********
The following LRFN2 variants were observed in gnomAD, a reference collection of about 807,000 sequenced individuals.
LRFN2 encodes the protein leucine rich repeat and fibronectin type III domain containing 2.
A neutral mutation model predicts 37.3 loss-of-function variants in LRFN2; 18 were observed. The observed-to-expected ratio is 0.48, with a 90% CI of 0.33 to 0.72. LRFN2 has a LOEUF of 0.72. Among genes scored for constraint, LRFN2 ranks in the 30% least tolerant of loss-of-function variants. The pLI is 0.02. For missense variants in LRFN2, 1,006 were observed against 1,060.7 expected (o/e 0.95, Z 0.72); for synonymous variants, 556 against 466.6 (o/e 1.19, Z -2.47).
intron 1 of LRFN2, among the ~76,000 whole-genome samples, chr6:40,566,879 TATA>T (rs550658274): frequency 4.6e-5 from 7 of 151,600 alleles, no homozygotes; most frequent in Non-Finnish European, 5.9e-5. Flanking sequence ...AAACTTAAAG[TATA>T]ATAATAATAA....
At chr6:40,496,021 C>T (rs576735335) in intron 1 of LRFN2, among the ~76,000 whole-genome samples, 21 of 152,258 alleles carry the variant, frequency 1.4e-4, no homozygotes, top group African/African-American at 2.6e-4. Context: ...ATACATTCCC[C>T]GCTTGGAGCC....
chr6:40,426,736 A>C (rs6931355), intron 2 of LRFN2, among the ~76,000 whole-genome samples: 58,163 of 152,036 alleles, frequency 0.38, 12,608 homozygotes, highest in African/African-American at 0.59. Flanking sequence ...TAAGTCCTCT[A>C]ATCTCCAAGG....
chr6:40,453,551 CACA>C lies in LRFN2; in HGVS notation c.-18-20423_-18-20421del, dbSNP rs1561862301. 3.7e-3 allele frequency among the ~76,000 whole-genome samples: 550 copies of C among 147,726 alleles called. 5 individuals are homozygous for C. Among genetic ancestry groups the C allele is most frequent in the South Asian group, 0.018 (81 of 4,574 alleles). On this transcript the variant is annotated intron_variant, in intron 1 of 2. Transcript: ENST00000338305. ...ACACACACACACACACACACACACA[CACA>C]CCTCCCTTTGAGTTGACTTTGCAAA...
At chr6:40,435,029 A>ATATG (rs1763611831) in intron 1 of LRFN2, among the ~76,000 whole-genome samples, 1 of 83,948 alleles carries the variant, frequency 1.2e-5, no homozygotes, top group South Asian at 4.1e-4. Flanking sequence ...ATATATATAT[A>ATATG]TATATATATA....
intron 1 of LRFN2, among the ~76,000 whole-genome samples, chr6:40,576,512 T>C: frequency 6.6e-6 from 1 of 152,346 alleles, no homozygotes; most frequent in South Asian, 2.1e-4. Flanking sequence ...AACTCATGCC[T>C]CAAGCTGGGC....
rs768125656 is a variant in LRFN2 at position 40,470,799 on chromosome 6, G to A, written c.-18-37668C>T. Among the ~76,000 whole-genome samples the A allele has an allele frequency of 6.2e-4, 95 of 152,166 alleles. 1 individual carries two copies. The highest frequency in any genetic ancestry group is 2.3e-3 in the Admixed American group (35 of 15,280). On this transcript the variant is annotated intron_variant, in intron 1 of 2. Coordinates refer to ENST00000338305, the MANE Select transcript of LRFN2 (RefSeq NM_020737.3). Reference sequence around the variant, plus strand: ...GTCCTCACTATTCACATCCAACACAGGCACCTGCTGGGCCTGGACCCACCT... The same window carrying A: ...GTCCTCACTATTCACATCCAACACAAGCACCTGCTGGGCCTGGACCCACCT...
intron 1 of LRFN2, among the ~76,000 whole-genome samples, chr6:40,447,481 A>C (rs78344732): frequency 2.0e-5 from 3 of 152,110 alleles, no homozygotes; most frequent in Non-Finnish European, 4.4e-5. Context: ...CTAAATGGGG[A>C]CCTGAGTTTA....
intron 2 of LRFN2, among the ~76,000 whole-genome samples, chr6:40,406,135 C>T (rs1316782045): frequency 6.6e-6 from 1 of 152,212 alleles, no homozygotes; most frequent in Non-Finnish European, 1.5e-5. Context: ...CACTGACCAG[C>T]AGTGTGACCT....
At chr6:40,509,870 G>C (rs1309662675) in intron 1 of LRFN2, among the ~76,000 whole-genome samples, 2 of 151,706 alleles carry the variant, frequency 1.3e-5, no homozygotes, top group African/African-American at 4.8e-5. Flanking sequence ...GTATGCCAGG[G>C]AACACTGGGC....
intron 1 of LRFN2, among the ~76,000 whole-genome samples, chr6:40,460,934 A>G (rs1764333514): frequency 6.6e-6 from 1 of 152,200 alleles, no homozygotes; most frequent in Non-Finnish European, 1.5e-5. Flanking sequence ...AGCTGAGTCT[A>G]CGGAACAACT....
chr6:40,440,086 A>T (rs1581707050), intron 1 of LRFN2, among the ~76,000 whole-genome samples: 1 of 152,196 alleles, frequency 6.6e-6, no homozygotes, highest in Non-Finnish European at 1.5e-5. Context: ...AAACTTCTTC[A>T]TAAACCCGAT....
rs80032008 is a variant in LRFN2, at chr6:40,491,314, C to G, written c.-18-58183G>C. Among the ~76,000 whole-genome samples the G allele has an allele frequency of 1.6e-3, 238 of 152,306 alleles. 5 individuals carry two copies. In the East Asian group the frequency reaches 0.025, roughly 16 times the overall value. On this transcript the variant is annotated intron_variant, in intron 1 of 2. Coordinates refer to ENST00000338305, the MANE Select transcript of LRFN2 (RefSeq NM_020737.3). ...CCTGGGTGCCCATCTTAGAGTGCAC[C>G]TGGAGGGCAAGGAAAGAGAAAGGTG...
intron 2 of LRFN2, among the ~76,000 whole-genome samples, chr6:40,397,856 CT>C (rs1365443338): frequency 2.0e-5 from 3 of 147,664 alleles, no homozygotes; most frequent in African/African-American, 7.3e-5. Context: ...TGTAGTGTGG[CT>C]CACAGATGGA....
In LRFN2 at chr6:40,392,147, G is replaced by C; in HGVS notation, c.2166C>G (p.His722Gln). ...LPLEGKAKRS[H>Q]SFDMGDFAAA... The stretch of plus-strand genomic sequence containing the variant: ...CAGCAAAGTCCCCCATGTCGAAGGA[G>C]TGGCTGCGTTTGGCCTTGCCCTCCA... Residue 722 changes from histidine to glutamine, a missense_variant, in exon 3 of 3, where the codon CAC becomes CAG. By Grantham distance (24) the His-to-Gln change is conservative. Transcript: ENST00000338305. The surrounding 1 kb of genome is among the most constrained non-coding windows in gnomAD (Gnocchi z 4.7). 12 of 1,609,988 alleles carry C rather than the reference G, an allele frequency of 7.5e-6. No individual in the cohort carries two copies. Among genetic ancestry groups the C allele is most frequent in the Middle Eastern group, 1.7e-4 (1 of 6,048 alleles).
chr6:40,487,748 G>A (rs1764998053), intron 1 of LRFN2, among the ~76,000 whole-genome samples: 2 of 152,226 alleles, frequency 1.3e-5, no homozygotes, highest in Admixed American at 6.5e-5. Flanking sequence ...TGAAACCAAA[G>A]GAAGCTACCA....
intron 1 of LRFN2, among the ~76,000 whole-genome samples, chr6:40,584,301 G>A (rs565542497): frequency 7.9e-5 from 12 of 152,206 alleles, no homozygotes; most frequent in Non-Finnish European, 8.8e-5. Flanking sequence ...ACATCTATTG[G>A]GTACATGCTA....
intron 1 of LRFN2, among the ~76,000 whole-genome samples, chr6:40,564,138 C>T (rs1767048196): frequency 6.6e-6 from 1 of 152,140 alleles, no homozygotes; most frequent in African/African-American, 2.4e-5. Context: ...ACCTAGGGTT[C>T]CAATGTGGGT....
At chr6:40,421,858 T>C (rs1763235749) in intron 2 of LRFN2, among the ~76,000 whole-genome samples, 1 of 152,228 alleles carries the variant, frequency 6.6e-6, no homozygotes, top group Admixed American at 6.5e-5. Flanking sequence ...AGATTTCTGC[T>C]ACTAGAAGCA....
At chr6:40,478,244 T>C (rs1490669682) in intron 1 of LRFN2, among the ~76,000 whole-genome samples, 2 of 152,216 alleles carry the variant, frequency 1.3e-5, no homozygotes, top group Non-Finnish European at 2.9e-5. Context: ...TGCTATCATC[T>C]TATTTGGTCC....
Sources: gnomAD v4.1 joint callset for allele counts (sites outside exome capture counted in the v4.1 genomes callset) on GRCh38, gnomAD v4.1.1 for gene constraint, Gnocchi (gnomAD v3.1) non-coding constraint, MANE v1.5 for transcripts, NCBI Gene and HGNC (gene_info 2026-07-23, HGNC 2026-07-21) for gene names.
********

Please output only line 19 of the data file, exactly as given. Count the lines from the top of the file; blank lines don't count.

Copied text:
chr6:40,487,748 G>A (rs1764998053), intron 1 of LRFN2, among the ~76,000 whole-genome samples: 2 of 152,226 alleles, frequency 1.3e-5, no homozygotes, highest in Admixed American at 6.5e-5. Flanking sequence ...TGAAACCAAA[G>A]GAAGCTACCA....